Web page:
Pacific Grove elected officials to put the nail in the coffin of cannabis sales

Peninsula Premier Admin

PACIFIC GROVE — As quickly as the possibility of a cannabis shop opening in Pacific Grove rose, so has it quickly fallen from grace with the city. On Wednesday, elected officials will officially turn the beleaguered venture into ashes, at least until voters possibly have their say next year.

The prior City Council in September approved an ordinance allowing a single dispensary to operate in the city. But two significant things converged weeks later that set the ordinance on a downward spiral.

A petition was launched seeking a referendum to overturn the ordinance the City Council approved. The petition failed by three signatures, according to the Monterey County Elections Office. And then in November, a new slate of council members was elected that had a different view of marijuana sales in the city.

An emotionally charged two-hour debate was held in September that ended with elected officials narrowly approving a single cannabis store in Pacific Grove. A two-hour debate ended after 10 p.m. with a compromise that gave the green light to a single dispensary.

What started as a discussion on approval of a cannabis store quickly turned into a passionate debate about the substance itself, with some expressing outrage at somehow allowing children to more easily possess marijuana, despite little data to support how that would happen. The store, like legal liquor stores, would have only sold to adults 21 years old or older.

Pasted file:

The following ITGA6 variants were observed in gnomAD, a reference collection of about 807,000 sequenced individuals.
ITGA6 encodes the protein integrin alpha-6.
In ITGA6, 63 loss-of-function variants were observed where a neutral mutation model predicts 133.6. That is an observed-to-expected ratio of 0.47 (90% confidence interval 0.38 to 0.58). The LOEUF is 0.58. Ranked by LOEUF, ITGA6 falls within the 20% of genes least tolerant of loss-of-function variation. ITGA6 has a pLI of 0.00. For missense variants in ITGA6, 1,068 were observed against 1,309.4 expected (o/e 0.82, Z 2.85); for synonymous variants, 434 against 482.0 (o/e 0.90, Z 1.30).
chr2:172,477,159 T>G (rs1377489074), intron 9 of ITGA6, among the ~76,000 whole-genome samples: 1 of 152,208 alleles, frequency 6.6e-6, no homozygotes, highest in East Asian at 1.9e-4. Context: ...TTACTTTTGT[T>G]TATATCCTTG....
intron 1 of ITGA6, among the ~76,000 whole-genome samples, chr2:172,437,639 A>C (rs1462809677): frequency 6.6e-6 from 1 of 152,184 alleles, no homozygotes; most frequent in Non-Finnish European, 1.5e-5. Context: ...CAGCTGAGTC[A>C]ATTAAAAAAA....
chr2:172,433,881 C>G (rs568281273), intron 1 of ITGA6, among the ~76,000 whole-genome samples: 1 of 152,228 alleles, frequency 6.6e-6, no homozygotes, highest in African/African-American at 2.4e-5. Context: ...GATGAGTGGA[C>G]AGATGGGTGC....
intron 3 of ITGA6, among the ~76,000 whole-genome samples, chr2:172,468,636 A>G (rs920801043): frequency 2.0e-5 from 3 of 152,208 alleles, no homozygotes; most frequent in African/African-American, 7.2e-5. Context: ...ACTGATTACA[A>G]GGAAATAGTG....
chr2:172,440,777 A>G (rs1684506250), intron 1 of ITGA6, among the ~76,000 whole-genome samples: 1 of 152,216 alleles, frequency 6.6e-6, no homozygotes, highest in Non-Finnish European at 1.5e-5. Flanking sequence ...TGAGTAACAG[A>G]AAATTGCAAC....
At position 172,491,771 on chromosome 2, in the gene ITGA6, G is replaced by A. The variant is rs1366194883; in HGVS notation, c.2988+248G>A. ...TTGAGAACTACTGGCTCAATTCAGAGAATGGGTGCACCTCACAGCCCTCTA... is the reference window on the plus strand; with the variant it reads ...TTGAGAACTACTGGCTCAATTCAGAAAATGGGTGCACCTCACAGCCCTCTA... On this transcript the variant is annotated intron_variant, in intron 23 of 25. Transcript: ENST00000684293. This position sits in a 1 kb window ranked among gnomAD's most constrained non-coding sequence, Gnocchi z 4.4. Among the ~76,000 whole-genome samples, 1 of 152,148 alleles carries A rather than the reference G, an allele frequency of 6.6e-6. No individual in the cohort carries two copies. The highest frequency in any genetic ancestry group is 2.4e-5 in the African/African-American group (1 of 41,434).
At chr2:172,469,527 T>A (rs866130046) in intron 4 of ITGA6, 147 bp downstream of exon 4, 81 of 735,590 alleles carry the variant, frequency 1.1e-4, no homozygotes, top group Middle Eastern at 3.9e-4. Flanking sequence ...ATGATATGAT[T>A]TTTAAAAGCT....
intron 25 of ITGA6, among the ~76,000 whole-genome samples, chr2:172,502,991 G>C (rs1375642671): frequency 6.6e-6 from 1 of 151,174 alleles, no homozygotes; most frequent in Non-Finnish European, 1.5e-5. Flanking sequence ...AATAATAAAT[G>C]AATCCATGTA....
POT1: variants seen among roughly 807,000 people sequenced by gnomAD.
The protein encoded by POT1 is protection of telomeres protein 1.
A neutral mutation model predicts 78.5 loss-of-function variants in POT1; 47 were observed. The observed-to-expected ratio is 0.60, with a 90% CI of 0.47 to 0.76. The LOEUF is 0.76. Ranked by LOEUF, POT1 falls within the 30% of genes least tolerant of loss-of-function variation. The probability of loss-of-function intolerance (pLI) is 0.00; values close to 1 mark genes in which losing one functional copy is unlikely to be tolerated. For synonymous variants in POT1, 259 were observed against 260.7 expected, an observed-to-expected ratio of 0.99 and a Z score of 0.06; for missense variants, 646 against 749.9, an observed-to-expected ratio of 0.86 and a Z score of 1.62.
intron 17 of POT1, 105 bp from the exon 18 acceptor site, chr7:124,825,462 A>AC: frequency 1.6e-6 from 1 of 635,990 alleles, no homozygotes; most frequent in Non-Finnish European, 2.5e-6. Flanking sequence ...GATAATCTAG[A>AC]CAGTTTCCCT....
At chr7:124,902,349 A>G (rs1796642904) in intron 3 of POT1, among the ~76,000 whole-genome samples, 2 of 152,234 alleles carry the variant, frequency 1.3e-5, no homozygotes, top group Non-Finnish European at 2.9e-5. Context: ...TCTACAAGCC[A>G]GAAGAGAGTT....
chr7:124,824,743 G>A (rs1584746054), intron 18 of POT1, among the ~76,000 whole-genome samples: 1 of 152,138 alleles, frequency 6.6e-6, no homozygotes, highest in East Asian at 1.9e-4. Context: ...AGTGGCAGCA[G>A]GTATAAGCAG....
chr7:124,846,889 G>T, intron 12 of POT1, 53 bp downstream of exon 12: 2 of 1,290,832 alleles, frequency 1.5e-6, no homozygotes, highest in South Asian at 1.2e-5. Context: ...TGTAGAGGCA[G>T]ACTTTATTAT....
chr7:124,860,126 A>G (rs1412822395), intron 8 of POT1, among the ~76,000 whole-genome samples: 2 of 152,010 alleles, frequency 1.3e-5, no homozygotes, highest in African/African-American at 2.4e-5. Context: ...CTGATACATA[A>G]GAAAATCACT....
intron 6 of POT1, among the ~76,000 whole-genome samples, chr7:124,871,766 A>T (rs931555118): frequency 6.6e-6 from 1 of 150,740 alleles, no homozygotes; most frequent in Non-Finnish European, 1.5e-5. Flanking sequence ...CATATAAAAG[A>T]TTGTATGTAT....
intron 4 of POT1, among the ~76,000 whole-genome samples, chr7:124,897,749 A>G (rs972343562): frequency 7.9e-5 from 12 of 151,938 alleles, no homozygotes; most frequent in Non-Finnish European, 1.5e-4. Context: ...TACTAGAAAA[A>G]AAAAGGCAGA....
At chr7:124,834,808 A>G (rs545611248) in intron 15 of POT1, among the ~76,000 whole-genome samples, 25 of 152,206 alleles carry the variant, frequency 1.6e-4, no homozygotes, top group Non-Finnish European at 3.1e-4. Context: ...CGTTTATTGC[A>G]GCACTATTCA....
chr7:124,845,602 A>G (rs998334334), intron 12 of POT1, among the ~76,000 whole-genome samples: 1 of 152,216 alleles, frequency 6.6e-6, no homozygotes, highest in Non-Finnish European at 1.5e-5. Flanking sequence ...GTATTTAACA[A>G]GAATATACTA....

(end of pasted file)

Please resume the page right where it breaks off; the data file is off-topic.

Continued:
In 2016, nearly seven in 10 Pacific Grove residents voted in favor of Proposition 64 that legalized cannabis for recreational use. But during the September meeting callers voiced opposition to the ordinance by a 2-1 margin. The final vote came down to a close 4-3 approval of the ordinance while nearly 120 people listened in.

But within days of green-lighting the store, a notice of referendum was filed that would ask voters to decide the issue instead of the City Council. Debby Beck, a Pacific Grove real estate broker, went about gathering signatures for the referendum.

“It was clear to me and the general public that four out of seven council members were not listening to the people,” Beck said in a statement at that time.

The petition generated more than enough signatures to put the issue on the ballot, but after the elections office tossed out a number of signatures, the petition failed by just three signatures.

Meanwhile, in November voters elected two new council members who were enough to tip the scales against a cannabis store. On Wednesday the council will have a second reading of an ordinance to rescind the original one that allowed for a cannabis shop.

During Wednesday’s meeting, the council will discuss perhaps putting the issue in front of voters in November 2022.

Contributed by local news sources

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